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Inyathi is a village in Matabeleland North, Zimbabwe and is located about 60 km north-east of Bulawayo in the Inyathi communal land. The village grew up around the Inyati mission, which established in 1859 by on land given to Robert Moffat and William Sykes of the London Missionary Society by the Ndebele king, Mzilikazi. The name means "the place of the buffaloes". Inyathi High School is located in the village.
Inyati was established as a mission station at the behest of the London Missionary Society (LMS) in December 1859 by Robert Moffat after successfully leading a column of ox-drawn carts from Kuruman in Bechuanaland (modern-day Botswana), reaching the kraal (and probably the headquarters) of Matebele king Mzilikazi at Emhlangeni in western Zimbabwe, in October, 1859. Moffat was accompanied by, amongst others, William Sykes and Thomas Morgan Thomas. Why the LMS wished to establish its activities in this part of Africa is unclear. However, it is unlikely to be a coincidence that King Mzilikazi, whom Moffat had befriended whilst in Kuruman, had moved the Matebele nation here in an effort to avoid Trekboers with whom he had unsuccessful clashes in the Transvaal. King Mzilikazi consented to Moffat and the LMS entering his kingdom on the condition they did not engage in religious activities. He had hoped to use them as agents for trade with white traders from South Africa. The LMS established its mission station at Inyathi, a stone’s throw away from Mhlangeni in order that King Mzilikazi could keep a close eye on their activities.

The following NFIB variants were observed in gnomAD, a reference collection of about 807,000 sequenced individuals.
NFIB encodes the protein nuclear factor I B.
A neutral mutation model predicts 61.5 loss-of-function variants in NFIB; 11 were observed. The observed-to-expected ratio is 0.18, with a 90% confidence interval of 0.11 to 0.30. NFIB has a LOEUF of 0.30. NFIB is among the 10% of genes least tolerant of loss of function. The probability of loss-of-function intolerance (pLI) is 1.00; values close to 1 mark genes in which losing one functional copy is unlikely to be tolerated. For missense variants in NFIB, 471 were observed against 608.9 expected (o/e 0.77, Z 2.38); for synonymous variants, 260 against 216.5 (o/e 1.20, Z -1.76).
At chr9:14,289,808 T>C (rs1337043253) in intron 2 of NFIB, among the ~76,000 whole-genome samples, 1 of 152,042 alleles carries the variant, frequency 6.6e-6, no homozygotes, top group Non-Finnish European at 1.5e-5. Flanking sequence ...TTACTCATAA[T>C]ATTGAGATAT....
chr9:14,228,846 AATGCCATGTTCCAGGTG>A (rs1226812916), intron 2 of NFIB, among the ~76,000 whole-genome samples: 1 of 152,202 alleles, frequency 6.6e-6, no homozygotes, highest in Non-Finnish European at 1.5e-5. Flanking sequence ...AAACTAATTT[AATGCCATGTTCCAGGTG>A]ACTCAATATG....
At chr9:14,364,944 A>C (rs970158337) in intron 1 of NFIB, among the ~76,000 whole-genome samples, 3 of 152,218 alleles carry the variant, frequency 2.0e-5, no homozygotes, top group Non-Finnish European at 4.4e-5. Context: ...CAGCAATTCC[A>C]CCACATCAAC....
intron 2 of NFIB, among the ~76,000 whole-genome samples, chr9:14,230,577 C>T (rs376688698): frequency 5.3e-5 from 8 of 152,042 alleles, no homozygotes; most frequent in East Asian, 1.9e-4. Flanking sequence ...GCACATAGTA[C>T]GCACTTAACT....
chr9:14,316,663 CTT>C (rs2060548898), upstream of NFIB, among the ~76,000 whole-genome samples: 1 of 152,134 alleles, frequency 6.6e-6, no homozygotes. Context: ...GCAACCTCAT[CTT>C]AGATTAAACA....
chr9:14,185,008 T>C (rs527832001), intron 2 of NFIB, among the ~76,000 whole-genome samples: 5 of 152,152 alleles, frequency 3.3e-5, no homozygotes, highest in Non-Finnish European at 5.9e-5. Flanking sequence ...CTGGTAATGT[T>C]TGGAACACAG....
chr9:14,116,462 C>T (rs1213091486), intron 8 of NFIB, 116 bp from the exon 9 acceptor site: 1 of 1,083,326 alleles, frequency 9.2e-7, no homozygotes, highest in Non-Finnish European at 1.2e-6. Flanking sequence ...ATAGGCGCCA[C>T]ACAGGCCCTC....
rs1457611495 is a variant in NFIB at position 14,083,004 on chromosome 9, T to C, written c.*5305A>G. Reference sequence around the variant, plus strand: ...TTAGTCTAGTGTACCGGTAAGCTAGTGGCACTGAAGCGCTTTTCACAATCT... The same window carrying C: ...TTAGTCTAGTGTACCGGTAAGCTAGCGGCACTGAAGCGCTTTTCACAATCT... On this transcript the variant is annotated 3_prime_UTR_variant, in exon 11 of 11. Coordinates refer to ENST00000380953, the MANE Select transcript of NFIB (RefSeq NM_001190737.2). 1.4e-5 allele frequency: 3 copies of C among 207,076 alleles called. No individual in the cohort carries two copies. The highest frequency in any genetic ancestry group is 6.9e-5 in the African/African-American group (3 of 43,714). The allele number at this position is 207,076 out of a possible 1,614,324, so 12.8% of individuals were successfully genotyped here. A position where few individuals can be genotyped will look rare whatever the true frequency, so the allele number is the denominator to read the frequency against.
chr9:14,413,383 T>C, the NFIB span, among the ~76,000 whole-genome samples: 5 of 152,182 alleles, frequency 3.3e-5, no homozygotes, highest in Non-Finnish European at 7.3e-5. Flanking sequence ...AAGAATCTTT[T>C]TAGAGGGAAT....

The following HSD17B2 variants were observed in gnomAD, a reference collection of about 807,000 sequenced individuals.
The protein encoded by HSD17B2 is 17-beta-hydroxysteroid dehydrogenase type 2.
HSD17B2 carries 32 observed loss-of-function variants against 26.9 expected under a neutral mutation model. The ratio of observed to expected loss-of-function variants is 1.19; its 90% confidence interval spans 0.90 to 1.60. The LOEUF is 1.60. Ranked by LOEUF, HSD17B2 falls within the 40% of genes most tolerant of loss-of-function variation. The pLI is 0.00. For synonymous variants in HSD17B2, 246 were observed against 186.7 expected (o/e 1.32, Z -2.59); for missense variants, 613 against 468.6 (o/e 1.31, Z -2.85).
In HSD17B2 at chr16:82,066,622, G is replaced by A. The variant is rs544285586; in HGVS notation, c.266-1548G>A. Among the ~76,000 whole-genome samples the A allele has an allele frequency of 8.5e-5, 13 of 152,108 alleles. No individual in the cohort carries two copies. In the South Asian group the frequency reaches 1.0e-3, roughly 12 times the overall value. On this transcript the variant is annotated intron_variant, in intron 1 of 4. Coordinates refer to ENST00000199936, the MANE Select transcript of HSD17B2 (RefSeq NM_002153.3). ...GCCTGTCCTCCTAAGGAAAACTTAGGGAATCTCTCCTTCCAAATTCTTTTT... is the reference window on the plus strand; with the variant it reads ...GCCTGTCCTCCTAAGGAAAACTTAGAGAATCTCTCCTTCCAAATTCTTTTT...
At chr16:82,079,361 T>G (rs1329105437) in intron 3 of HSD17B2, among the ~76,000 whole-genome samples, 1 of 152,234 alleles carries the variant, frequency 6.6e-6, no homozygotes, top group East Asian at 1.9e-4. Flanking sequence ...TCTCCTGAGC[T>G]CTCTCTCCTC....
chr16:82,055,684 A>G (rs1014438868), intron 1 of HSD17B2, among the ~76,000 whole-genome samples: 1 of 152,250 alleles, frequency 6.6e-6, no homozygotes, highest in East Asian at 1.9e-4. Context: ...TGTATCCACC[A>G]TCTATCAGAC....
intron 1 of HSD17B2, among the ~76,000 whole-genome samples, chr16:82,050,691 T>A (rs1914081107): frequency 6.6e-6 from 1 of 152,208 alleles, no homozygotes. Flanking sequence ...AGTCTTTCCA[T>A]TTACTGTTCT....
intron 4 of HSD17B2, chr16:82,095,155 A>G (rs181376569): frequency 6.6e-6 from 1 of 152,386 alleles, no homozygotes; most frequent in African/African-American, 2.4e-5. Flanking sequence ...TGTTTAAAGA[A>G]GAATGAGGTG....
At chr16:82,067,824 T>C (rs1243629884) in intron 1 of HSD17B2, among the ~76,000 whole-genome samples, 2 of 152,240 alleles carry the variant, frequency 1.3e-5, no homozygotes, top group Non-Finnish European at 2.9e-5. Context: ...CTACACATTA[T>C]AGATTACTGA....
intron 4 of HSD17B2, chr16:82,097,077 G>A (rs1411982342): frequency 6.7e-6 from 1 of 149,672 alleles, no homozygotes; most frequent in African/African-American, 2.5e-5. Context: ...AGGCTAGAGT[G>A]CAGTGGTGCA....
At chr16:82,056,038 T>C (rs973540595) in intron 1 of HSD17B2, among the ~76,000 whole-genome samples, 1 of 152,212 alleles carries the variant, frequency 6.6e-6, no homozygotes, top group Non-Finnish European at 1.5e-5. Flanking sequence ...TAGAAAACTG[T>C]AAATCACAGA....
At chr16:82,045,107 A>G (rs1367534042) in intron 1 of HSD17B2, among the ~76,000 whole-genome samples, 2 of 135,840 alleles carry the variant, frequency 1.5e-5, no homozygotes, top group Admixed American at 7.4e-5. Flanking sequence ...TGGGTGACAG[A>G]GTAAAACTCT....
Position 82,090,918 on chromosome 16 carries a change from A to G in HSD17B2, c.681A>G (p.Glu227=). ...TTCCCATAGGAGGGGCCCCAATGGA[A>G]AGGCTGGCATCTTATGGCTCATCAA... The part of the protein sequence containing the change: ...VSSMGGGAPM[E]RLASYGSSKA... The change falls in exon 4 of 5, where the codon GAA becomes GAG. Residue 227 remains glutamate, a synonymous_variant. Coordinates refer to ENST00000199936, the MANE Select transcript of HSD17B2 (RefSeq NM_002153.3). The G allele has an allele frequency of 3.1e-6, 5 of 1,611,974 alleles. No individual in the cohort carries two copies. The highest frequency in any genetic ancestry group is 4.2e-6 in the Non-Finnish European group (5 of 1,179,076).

Inyati Mission evolved from a modest site consisting of a church of red bricks, built by Moffat, which still stands to this day. It appears from the literature that Moffat left Inyati mission station after June 1860 with the necessary buildings sufficiently established. Its evolution to the modern day complex set on 3,240 hectares (8,000 acres) of farmland must be credited to the various generations of LMS missionaries that took turns to guide this establishment.
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